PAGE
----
Reprinted from John R.K. Clark’s book,
Hawaiian Surfing: Traditions From the Past.
Perhaps the most famous description of bodysurfing is found in the story of ‘Umi and Pai’ea, two chiefs from the island of Hawai’i who were both skillful bodysurfers. When ‘Umi as a young chief visited Laupāhoehoe, Pai’ea challenged him to a heihei, or bodysurfing contest to see who could get the longest ride on the same wave. ‘Umi and Pai’ea caught a wave together, but during the ride, Pai’ea crowded ‘Umi into a rock, causing ‘Umi to injure his shoulder. ‘Umi still won the contest, but years later, when he was king of the island of Hawai’i, he put Pai’ea to death for this incident. In the passage that follows, the writer offers a version of the story, which at the same time provides a description of traditional bodysurfing.
‘Umi and his wives went sea bathing, surfing (he’e nalu), riding on the surf (kaha nalu), and a certain chief of Laupāhoehoe noticed ‘Umi’s skill in surf riding. His name was Pai’ea, and he knew all the surfs and the best one to ride. It was the one directly in front of Laupāhoehoe, facing Hilo. It was a huge one which none dared to ride except Pai’ea, who was noted for his skill. Gambling on surfing was practiced in that locality. All of the inhabitants from Waipunalei to Ka’ula placed their wager on ‘Umi and those of Laupāhoehoe on Pai’ea. The two rode the surf, and while surfing, Pai’ea noticed that ‘Umi was winning. As they drew near a rock, Pai’ea crowded him against it, skinning his side. ‘Umi won against Pai’ea, and because he crowded ‘Umi against the rock with the intention of killing him, Pai’ea was roasted in an imu in later years.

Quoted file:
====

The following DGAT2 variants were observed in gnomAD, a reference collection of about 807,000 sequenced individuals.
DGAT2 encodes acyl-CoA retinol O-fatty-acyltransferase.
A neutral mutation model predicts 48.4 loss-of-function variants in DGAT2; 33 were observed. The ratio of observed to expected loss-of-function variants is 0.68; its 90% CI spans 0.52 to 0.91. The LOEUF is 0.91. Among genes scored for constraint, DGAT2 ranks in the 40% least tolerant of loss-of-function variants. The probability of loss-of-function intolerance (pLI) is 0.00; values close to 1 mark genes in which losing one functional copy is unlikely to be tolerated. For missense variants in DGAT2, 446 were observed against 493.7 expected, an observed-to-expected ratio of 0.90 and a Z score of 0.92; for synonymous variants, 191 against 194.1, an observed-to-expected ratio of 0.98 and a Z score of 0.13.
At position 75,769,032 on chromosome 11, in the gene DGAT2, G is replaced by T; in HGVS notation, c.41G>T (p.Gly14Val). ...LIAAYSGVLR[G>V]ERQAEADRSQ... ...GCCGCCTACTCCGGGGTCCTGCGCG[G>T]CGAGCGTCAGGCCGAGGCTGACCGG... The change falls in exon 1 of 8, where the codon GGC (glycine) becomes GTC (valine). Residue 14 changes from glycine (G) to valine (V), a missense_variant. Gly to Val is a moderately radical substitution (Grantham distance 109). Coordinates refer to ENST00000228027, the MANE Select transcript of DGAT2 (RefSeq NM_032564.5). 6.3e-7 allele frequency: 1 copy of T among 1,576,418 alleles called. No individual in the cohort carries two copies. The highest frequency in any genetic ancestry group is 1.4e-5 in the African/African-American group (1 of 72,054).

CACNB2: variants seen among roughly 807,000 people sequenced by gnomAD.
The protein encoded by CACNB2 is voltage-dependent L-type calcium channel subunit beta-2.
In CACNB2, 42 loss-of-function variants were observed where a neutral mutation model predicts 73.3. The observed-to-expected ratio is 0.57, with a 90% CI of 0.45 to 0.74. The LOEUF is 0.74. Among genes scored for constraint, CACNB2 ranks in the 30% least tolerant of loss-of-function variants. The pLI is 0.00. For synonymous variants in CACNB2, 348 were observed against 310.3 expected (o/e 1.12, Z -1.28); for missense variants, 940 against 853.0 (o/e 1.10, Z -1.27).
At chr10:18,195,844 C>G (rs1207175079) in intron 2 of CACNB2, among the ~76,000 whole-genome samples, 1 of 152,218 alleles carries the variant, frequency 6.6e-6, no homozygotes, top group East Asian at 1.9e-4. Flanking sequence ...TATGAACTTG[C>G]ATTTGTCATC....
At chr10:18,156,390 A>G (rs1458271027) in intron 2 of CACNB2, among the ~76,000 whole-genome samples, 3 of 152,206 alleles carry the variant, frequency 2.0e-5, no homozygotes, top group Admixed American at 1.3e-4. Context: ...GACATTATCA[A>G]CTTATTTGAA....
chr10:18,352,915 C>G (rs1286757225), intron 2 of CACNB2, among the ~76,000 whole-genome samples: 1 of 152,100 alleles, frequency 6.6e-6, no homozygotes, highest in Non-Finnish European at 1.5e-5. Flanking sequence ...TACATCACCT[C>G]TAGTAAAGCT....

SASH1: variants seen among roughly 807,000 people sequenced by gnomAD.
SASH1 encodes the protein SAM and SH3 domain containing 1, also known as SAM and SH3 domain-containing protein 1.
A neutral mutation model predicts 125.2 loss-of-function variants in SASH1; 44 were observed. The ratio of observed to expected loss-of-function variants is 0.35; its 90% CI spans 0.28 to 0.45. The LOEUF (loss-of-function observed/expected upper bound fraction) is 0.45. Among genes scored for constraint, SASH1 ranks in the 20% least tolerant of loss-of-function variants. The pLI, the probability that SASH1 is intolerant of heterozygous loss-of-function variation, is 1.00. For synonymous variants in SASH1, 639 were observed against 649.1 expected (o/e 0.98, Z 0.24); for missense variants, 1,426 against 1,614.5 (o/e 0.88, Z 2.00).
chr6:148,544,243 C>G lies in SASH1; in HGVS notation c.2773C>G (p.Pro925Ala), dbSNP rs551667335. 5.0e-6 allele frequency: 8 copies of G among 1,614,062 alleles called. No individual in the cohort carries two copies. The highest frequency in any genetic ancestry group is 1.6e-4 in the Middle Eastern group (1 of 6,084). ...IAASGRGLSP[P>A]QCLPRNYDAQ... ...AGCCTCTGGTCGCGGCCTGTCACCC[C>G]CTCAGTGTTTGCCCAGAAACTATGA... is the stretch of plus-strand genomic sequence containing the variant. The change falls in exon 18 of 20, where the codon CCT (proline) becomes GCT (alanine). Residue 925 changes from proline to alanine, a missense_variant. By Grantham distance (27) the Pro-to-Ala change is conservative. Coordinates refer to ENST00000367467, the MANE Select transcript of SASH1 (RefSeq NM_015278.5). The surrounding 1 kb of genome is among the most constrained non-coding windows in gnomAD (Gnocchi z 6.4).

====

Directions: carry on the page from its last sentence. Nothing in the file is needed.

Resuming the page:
–Kamakau. Ruling Chiefs. p. 10-11
Clark, John R. K. Hawaiian Surfing: Traditions from the Past. Honolulu: U of Hawaiʻi, 2011. Print.
*Cover photo: Brian Yee- @808makuatomakai